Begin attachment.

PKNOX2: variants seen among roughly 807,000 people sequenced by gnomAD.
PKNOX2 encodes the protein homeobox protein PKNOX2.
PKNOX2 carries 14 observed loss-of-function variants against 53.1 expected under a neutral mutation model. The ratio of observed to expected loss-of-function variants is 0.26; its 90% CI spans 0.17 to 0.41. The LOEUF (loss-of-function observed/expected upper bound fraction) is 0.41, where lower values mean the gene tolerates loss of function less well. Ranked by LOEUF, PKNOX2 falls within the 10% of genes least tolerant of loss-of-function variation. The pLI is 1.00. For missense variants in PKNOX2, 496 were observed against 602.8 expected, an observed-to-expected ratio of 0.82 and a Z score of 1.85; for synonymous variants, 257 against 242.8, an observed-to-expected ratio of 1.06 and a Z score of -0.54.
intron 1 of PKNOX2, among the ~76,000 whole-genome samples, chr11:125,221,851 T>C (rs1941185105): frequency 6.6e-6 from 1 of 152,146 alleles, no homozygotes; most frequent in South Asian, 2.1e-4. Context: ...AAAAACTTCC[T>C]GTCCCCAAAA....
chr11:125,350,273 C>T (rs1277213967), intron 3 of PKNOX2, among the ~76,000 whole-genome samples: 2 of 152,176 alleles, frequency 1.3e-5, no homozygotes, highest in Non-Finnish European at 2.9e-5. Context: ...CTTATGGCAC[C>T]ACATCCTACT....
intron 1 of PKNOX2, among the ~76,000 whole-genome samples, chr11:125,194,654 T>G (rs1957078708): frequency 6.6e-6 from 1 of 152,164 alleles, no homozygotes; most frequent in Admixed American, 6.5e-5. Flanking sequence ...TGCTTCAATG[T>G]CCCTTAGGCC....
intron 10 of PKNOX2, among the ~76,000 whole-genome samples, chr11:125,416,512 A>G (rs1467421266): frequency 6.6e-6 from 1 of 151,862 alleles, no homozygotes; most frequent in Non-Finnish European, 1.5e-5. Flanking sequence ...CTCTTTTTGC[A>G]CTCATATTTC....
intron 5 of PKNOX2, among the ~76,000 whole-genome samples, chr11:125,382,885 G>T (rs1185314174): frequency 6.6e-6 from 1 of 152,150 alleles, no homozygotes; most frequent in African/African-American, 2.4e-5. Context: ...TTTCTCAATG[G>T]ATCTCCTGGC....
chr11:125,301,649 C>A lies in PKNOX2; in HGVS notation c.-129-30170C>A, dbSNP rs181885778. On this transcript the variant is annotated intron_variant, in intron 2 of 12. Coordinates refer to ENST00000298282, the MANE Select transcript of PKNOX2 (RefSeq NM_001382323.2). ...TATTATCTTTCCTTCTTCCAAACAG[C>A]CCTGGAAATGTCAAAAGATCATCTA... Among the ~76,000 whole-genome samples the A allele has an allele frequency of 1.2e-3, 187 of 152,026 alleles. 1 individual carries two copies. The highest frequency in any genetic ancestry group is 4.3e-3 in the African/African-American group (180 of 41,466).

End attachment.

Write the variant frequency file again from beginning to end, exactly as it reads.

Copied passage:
PKNOX2: variants seen among roughly 807,000 people sequenced by gnomAD.
PKNOX2 encodes the protein homeobox protein PKNOX2.
PKNOX2 carries 14 observed loss-of-function variants against 53.1 expected under a neutral mutation model. The ratio of observed to expected loss-of-function variants is 0.26; its 90% CI spans 0.17 to 0.41. The LOEUF (loss-of-function observed/expected upper bound fraction) is 0.41, where lower values mean the gene tolerates loss of function less well. Ranked by LOEUF, PKNOX2 falls within the 10% of genes least tolerant of loss-of-function variation. The pLI is 1.00. For missense variants in PKNOX2, 496 were observed against 602.8 expected, an observed-to-expected ratio of 0.82 and a Z score of 1.85; for synonymous variants, 257 against 242.8, an observed-to-expected ratio of 1.06 and a Z score of -0.54.
intron 1 of PKNOX2, among the ~76,000 whole-genome samples, chr11:125,221,851 T>C (rs1941185105): frequency 6.6e-6 from 1 of 152,146 alleles, no homozygotes; most frequent in South Asian, 2.1e-4. Context: ...AAAAACTTCC[T>C]GTCCCCAAAA....
chr11:125,350,273 C>T (rs1277213967), intron 3 of PKNOX2, among the ~76,000 whole-genome samples: 2 of 152,176 alleles, frequency 1.3e-5, no homozygotes, highest in Non-Finnish European at 2.9e-5. Context: ...CTTATGGCAC[C>T]ACATCCTACT....
intron 1 of PKNOX2, among the ~76,000 whole-genome samples, chr11:125,194,654 T>G (rs1957078708): frequency 6.6e-6 from 1 of 152,164 alleles, no homozygotes; most frequent in Admixed American, 6.5e-5. Flanking sequence ...TGCTTCAATG[T>G]CCCTTAGGCC....
intron 10 of PKNOX2, among the ~76,000 whole-genome samples, chr11:125,416,512 A>G (rs1467421266): frequency 6.6e-6 from 1 of 151,862 alleles, no homozygotes; most frequent in Non-Finnish European, 1.5e-5. Flanking sequence ...CTCTTTTTGC[A>G]CTCATATTTC....
intron 5 of PKNOX2, among the ~76,000 whole-genome samples, chr11:125,382,885 G>T (rs1185314174): frequency 6.6e-6 from 1 of 152,150 alleles, no homozygotes; most frequent in African/African-American, 2.4e-5. Context: ...TTTCTCAATG[G>T]ATCTCCTGGC....
chr11:125,301,649 C>A lies in PKNOX2; in HGVS notation c.-129-30170C>A, dbSNP rs181885778. On this transcript the variant is annotated intron_variant, in intron 2 of 12. Coordinates refer to ENST00000298282, the MANE Select transcript of PKNOX2 (RefSeq NM_001382323.2). ...TATTATCTTTCCTTCTTCCAAACAG[C>A]CCTGGAAATGTCAAAAGATCATCTA... Among the ~76,000 whole-genome samples the A allele has an allele frequency of 1.2e-3, 187 of 152,026 alleles. 1 individual carries two copies. The highest frequency in any genetic ancestry group is 4.3e-3 in the African/African-American group (180 of 41,466).